Cross examination 

New doc gives fair trial to famed lawyer

Couldn't you have just guessed that William Kunstler was a hunt-and-peck typist? It's perfectly, perversely appropriate that one of the great orators and outsized media personalities of American public life in the last half of the 20th century would only be able to render his thoughts on paper two slow stabbing fingers at a time. William Kunstler: Defender of Mississippi Freedom Riders, the original 1993 WTC bombers, Abbie Hoffman, Bobby Seale, Jerry Rubin and the Sioux militants at Wounded Knee. Tap. Tap. Tap tap.

click to enlarge Yo, Dad. Li’l help, please?
  • Yo, Dad. Li’l help, please?

An enormous presence, love him or hate him, the late Kunstler (who died in 1995 of heart failure) now gets the biographical treatment by a pair of filmmakers with very privileged access to the man and his legacy. Namely, his daughters Sarah and Emily.

For over four decades (granted, with rests) Kunstler seemed to be in the thick of nearly every significant criminal controversy in the United States. He rode along with the vanguard of civil rights protesters in the early '60s. He defended the Chicago Seven (originally Eight) against charges of conspiring to incite riots in the aftermath of the violent 1968 Democratic National Convention. After surrendering at Wounded Knee, the AIM defendants requested his services immediately. He was the guy to get you off, a master of courtroom performance with a strong track record for winning seemingly unwinnable cases.

Many of Kunstler's client choices struck Americans as outrageous. He sided with drug dealers, cop-killers, Black Panthers and suspected terrorists. He won an acquittal for Larry Davis on grounds of self-defense—the first such verdict in American history—after Davis shot six police officers during a 1986 raid on his sister's Bronx apartment. After the assault and gang-rape of a Central Park jogger in 1989—press coverage of which event bequeathed to English the marvelous term "wilding"—Kunstler represented the five black teenagers, chosen seemingly at random from a group of 30, who were charged with the crime. People bayed for Kunstler's blood during these trials: What on earth was he doing representing these scumbags?

Sarah and Emily Kunstler remember the fear. Emily, who narrates the documentary, admits that they weren't around—that is to say, alive—for their father's glory days defending conscientious objectors and civil rights protestors. As a 10-year-old, she begged him not to represent a 16-year-old charged with participating in the Central Park assault. She recalls how her father used to open his packages alone in the basement in case they contained explosives. Emily remembers the hate mail, the picketers in front of their home, most of all the sickening realization that their father and idol was representing some very bad people.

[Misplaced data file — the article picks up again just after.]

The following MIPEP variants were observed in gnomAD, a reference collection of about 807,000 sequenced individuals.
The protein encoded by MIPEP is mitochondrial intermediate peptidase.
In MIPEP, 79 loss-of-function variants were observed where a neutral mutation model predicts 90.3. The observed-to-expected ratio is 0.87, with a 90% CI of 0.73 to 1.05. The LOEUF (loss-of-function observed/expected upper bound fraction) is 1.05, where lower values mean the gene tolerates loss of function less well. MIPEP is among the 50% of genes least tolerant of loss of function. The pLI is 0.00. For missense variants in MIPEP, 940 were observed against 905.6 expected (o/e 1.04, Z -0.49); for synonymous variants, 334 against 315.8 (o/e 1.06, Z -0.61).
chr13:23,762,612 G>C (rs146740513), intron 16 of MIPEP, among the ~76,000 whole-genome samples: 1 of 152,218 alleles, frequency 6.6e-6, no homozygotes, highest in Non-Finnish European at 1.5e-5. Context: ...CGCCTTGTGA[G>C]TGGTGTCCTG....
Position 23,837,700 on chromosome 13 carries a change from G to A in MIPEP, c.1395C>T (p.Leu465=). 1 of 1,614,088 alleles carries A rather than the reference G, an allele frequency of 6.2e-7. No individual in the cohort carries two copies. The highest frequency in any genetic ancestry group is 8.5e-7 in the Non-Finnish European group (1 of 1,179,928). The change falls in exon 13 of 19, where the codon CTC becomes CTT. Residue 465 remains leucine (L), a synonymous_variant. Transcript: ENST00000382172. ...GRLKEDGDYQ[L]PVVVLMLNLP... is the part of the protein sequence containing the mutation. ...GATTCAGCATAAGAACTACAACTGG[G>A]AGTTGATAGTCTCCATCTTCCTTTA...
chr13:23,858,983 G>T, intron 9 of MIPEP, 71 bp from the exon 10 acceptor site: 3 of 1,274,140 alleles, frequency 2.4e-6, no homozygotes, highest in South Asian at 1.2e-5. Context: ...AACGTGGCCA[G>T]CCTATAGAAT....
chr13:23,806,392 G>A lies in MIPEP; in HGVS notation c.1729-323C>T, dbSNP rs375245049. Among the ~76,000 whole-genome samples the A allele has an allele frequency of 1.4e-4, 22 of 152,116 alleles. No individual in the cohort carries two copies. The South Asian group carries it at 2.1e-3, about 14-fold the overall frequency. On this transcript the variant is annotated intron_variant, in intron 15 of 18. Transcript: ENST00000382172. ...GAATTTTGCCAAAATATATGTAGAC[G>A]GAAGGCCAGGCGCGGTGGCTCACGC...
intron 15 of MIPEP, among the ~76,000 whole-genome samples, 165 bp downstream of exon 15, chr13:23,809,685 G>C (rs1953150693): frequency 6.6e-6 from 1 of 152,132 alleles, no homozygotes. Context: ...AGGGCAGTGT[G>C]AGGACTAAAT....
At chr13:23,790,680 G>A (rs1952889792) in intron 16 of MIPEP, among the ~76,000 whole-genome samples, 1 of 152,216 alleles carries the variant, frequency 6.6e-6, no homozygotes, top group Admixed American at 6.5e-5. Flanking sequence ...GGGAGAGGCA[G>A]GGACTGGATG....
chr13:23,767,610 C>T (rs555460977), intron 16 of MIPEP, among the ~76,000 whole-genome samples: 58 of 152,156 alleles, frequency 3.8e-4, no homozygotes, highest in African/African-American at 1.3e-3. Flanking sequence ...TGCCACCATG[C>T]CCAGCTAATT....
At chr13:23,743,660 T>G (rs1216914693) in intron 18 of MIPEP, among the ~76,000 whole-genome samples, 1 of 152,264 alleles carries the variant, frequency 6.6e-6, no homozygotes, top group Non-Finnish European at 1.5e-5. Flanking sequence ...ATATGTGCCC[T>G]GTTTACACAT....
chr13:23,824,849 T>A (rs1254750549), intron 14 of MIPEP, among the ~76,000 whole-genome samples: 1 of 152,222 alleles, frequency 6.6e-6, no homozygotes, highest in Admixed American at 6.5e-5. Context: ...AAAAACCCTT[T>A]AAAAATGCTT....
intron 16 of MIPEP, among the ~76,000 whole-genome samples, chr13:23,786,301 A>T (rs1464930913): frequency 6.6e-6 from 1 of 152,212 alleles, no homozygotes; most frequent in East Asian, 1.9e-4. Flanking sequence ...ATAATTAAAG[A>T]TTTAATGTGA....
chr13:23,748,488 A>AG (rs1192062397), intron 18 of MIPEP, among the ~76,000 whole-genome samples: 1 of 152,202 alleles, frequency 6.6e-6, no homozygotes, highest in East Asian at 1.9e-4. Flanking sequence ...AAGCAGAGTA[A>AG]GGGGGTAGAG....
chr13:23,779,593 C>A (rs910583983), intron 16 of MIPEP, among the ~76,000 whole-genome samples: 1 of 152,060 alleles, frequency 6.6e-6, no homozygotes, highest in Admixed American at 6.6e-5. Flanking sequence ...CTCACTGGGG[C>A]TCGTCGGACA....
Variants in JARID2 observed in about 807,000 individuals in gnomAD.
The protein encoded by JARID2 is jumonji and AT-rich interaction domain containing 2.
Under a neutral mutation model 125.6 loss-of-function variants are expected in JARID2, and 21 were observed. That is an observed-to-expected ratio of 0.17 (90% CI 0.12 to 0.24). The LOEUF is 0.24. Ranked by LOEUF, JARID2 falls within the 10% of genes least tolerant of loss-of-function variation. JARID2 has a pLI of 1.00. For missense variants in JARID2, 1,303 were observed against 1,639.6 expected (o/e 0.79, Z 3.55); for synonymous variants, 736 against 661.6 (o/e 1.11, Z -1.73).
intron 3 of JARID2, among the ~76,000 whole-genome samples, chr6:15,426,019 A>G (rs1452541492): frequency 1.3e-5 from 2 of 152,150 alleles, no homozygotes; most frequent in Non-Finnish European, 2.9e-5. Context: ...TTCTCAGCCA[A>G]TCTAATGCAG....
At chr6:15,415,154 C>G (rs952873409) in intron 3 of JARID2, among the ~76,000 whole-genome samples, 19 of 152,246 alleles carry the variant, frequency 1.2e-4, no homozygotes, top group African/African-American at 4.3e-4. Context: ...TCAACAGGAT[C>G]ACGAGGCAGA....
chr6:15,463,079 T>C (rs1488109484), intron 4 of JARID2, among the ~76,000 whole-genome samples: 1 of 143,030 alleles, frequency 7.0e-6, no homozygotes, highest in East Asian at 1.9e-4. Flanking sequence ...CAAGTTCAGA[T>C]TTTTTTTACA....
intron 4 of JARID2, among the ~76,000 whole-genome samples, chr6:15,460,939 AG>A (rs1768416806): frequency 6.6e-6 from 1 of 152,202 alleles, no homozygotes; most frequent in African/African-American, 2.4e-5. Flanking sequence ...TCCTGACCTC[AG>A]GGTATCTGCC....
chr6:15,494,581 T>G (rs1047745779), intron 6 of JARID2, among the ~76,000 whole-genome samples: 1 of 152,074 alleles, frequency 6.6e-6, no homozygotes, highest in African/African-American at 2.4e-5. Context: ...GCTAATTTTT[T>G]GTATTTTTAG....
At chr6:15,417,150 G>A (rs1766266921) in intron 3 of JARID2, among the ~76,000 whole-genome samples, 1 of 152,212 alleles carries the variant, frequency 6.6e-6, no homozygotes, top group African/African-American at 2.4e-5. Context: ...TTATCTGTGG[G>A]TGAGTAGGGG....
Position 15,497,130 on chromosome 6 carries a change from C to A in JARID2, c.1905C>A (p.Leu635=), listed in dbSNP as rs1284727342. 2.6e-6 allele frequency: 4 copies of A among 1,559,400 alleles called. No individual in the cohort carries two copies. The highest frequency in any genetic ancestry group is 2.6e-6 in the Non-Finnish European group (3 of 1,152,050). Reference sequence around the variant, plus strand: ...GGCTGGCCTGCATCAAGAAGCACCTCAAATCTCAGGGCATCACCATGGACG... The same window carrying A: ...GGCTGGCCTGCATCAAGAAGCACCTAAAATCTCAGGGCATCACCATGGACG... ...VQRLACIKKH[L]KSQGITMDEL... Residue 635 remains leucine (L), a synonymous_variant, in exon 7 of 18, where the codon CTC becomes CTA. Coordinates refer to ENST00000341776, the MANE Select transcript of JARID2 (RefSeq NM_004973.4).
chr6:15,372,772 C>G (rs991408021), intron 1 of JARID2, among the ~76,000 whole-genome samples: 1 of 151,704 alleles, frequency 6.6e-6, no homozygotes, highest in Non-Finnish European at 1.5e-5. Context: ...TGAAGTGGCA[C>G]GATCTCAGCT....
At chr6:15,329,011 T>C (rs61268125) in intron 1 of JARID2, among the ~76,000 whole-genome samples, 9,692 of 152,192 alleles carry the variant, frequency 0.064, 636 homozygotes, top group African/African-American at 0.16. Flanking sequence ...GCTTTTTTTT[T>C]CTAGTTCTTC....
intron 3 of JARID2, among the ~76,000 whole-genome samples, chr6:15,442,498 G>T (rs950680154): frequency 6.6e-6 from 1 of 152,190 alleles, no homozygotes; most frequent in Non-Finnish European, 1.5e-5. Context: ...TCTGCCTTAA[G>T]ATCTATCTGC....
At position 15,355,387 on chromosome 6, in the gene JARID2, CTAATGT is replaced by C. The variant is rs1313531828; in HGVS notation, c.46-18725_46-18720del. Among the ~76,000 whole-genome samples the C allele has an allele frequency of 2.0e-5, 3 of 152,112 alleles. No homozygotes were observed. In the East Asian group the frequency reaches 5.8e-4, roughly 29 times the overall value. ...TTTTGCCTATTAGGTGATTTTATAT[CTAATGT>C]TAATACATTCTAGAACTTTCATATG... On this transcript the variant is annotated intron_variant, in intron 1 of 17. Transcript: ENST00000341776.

"He told us everyone deserved a lawyer," she says. "Sometimes we just didn't understand why the lawyer had to be our father."

One might understandably assume that an undertaking such as William Kunstler: Disturbing the Universe—portrait of the lawyer-turned-media-superstar by his admiring daughters—however clear-eyed it proclaimed to be, would still succumb to a certain sort of selective familial myopia. Happily, this does not seem to be the case. The Kunstler sisters, who appear in numerous archival elements as well as themselves in the present day, interviewing their father's former associates, turn out to be inquiring minds from a very young age. They go from giggling and spying on their famous dad from beneath his desk to posing tough questions in amateur reel-to-reel interviews, even grilling him, as teenagers, on a television news digest. Affectionate Disturbing the Universe may be, blindly adoring it is not.

Emily also cops to taking her father with a grain of salt. Critics of the longhaired, radicalized Kunstler circa 1969 might have been surprised to learn that the liberal firebrand was a decorated Army veteran who attained the rank of major. On a Pacific island, he was wounded in the arm by a young Japanese soldier with a bayonet who lunged at him from a ruined building. A nearby sergeant shot his assailant dead on the spot—an experience that profoundly affected Kunstler.

On the other hand, Emily reveals, their father used to brag about taking a stiffly defended island almost single-handedly after misreading a set of coded instructions and landing his troops an hour before the main cohort. She and her sister never knew how much of what their father told them to believe—no small matter when it comes to reassembling his life in movie form.

The Kunstlers' private archives provide the movie with many of its vintage elements (the sisters deserve special recognition for including footage of themselves as radioactively teenaged teenagers debating their dad on television). Also weighing in are contemporaries Ron Kuby, Alan Dershowitz and a host of other lawyers (What's the collective noun? A pox of lawyers? A killing?) as well as Bobby Seale, activist Tom Hayden, journalist Jimmy Breslin and Yusef Salaam, one of the so-called Central Park Five convicted in the assault on the female jogger. Together, the elements make for an engaging and apparently truthful portrait of William Kunstler, clay feet and all, by the two least likely to render one.

William Kunstler: Disturbing the Universe screens at the Wilma Theatre Saturday, Sept. 5, at 7:30 PM. as part of The Big Sky Film series. Free.

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